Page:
Jump to ContentJump to Main Navigation
Polar Lakes and RiversLimnology of Arctic and Antarctic Aquatic Ecosystems$
Users without a subscription are not able to see the full content.

Warwick F. Vincent and Johanna Laybourn-Parry

Print publication date: 2008

Print ISBN-13: 9780199213887

Published to Oxford Scholarship Online: January 2009

DOI: 10.1093/acprof:oso/9780199213887.001.0001

Show Summary Details
Page of

PRINTED FROM OXFORD SCHOLARSHIP ONLINE (www.oxfordscholarship.com). (c) Copyright Oxford University Press, 2018. All Rights Reserved. Under the terms of the licence agreement, an individual user may print out a PDF of a single chapter of a monograph in OSO for personal use (for details see www.oxfordscholarship.com/page/privacy-policy).date: 12 December 2018

Biogeochemical processes in high-latitude lakes and rivers

Biogeochemical processes in high-latitude lakes and rivers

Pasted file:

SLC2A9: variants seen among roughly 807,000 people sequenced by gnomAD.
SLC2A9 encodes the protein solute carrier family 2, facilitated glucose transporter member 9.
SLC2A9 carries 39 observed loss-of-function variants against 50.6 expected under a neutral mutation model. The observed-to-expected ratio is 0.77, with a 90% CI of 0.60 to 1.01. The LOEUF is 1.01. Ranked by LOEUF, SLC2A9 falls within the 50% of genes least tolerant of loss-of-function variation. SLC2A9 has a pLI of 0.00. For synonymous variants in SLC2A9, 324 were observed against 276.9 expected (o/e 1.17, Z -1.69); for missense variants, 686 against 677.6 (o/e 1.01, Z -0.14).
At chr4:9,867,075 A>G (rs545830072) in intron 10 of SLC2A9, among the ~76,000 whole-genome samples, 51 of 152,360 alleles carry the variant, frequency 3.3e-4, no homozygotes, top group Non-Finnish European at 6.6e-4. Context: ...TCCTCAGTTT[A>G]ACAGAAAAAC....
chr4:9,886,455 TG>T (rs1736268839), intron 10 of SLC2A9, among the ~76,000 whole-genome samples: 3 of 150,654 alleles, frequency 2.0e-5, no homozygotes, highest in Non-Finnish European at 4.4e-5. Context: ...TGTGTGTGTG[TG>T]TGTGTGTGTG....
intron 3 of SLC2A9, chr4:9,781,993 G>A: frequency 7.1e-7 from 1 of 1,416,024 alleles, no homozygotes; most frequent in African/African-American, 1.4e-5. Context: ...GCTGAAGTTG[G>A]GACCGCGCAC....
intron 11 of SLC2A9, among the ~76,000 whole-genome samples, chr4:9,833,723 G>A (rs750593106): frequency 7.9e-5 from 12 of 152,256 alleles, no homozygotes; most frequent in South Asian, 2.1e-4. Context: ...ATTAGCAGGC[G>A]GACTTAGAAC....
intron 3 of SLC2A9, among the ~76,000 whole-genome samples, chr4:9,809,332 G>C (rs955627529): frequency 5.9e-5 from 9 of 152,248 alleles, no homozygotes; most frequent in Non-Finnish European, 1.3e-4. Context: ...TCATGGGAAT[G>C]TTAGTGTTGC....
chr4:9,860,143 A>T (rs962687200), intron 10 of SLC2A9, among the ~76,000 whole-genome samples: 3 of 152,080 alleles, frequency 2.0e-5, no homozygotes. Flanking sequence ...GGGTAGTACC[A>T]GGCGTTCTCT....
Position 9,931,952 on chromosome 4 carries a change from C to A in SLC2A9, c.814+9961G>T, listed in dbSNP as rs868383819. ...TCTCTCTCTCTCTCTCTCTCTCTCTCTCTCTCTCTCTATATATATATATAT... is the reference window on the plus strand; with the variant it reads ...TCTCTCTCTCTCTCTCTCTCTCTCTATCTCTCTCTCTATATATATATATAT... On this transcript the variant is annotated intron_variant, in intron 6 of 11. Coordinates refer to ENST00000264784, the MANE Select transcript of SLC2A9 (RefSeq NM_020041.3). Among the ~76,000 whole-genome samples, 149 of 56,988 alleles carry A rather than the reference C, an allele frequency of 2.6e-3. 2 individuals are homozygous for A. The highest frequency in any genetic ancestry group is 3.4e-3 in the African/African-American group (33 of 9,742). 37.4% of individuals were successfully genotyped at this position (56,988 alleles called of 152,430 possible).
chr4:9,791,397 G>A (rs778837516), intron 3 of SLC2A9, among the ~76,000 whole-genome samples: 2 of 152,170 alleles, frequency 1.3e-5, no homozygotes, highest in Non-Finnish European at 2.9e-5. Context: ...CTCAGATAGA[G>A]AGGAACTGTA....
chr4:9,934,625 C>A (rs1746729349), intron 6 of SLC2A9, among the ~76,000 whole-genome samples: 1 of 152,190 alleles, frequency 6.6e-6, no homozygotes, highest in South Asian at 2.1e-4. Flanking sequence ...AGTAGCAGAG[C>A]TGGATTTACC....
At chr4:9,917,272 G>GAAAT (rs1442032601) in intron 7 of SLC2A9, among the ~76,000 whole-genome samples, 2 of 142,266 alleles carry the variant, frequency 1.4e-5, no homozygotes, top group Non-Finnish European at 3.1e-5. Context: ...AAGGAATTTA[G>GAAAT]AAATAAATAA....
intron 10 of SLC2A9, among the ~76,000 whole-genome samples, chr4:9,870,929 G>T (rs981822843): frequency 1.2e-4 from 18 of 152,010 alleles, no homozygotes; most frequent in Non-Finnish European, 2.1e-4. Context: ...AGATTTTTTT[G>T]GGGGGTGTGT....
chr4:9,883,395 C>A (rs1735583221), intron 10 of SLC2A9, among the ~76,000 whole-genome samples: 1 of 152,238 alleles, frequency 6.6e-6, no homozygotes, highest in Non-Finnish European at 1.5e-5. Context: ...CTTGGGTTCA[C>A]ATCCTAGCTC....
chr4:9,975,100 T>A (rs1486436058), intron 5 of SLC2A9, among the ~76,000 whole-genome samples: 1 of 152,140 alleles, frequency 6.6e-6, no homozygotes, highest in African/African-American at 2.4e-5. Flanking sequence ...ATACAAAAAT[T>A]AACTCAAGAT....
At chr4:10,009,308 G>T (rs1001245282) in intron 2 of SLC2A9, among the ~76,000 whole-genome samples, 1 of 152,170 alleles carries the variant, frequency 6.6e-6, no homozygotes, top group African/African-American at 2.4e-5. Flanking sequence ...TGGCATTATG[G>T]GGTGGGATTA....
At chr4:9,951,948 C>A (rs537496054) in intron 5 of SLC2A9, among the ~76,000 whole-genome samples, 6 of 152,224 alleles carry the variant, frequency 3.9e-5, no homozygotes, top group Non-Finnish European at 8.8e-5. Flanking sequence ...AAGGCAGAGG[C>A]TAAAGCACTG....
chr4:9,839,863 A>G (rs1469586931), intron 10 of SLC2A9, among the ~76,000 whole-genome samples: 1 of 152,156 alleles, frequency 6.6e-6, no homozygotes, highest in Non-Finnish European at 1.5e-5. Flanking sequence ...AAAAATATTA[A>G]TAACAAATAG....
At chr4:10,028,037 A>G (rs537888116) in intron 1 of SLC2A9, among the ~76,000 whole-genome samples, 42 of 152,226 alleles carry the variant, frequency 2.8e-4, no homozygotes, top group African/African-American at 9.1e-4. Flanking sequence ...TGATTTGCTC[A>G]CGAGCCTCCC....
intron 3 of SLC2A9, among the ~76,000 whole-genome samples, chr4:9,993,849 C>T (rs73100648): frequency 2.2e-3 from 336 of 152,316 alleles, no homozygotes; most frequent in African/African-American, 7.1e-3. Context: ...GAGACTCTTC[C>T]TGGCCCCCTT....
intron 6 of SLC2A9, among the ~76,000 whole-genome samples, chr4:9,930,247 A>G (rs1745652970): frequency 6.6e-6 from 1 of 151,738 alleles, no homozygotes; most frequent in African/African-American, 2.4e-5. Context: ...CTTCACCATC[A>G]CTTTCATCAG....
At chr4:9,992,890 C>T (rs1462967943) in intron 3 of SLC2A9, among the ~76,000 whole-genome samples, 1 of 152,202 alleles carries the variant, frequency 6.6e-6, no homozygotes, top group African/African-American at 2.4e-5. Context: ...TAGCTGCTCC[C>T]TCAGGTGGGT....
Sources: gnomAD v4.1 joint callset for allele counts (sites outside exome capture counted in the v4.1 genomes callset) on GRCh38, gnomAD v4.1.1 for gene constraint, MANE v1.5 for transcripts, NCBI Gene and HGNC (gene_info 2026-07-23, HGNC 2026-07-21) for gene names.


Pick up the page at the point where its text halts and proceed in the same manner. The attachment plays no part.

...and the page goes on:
(p.137) CHAPTER 8 Biogeochemical processes in high-latitude lakes and rivers
Polar Lakes and Rivers

W. Berry Lyons

Jacques C. Finlay

Oxford University Press

Polar aquatic ecosystems are excellent laboratories for biogeochemical research. The polar regions are among the least modified by human activities, so there are opportunities to study biogeochemical processes in the absence of overwhelming anthropogenic influences. In addition, there are abundant freshwater ecosystems in which comparative or experimental work can be conducted, and increasing evidence for environmental change is driving a rapid expansion in polar research. This chapter draws upon extensive surveys of lake chemistry to summarize the biogeochemical composition of polar lakes, and to illustrate the growing potential for cross-system comparisons. It describes the general features of biogeochemical cycles in polar aquatic environments, and the important and sometimes unique controls over biogeochemical processes.

Keywords:   carbon cycle, nutrient cycling, geochemical linkages, landscapes, biogeochemical cycles

Oxford Scholarship Online requires a subscription or purchase to access the full text of books within the service. Public users can however freely search the site and view the abstracts and keywords for each book and chapter.

Please, subscribe or login to access full text content.

If you think you should have access to this title, please contact your librarian.

To troubleshoot, please check our FAQs , and if you can't find the answer there, please contact us .